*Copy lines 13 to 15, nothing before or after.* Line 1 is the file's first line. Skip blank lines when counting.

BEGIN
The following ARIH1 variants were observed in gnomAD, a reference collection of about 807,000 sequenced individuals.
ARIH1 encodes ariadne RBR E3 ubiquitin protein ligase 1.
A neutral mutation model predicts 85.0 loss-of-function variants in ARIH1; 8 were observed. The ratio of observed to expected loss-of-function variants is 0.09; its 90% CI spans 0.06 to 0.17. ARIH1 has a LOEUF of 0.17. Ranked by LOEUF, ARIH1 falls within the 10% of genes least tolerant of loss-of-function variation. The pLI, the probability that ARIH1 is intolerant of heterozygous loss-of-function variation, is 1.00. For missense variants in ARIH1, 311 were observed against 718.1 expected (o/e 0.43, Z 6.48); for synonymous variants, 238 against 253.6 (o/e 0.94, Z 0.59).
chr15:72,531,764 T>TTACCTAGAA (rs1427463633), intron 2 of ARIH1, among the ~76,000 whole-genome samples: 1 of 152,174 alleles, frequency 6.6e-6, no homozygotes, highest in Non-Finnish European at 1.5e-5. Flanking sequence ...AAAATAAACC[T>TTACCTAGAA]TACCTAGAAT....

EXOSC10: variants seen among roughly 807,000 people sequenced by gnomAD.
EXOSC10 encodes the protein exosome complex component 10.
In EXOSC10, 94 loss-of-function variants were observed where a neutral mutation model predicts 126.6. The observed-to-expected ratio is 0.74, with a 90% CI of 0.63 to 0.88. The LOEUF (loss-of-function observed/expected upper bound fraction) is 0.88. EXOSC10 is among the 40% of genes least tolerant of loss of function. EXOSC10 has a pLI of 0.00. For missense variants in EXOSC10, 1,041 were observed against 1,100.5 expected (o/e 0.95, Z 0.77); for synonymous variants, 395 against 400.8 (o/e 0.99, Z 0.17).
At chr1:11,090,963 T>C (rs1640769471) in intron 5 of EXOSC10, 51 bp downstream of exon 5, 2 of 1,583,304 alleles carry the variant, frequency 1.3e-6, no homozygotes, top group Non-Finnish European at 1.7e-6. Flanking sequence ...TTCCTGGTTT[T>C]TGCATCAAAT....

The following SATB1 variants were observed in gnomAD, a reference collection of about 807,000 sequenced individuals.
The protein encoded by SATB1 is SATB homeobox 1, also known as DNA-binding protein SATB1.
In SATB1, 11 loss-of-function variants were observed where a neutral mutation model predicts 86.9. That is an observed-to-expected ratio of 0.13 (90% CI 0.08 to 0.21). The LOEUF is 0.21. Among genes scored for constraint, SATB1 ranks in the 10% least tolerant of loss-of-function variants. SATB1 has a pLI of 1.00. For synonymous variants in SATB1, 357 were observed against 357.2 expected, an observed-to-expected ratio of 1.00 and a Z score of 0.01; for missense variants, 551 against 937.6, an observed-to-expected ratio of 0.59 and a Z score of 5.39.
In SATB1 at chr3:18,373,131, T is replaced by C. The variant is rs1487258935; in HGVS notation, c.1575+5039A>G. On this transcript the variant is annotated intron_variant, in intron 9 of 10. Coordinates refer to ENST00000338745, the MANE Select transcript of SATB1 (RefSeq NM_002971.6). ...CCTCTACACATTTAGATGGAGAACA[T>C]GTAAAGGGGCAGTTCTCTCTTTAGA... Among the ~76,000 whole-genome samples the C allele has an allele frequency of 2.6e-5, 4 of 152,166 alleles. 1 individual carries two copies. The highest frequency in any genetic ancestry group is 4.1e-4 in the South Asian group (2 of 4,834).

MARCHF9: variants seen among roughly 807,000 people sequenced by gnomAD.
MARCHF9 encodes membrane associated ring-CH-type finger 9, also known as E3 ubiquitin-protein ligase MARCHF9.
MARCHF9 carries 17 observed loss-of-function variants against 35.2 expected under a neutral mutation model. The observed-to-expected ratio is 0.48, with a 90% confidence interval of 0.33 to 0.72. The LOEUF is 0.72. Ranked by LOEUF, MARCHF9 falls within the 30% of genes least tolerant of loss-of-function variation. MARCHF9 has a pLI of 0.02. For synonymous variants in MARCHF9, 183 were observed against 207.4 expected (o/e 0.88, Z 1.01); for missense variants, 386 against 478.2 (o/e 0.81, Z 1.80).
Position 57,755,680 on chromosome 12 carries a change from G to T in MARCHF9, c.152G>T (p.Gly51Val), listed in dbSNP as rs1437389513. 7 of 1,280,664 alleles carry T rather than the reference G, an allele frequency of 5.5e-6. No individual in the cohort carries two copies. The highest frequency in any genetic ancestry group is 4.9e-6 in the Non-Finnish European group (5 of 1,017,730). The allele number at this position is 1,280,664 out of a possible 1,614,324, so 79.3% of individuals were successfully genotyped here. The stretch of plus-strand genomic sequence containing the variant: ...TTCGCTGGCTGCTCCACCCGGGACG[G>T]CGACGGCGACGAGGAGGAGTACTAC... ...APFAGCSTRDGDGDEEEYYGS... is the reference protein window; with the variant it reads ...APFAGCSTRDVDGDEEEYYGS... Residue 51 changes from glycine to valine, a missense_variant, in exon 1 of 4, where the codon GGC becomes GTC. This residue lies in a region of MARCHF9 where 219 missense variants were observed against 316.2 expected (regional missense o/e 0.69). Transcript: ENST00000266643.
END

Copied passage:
MARCHF9: variants seen among roughly 807,000 people sequenced by gnomAD.
MARCHF9 encodes membrane associated ring-CH-type finger 9, also known as E3 ubiquitin-protein ligase MARCHF9.
MARCHF9 carries 17 observed loss-of-function variants against 35.2 expected under a neutral mutation model. The observed-to-expected ratio is 0.48, with a 90% confidence interval of 0.33 to 0.72. The LOEUF is 0.72. Ranked by LOEUF, MARCHF9 falls within the 30% of genes least tolerant of loss-of-function variation. MARCHF9 has a pLI of 0.02. For synonymous variants in MARCHF9, 183 were observed against 207.4 expected (o/e 0.88, Z 1.01); for missense variants, 386 against 478.2 (o/e 0.81, Z 1.80).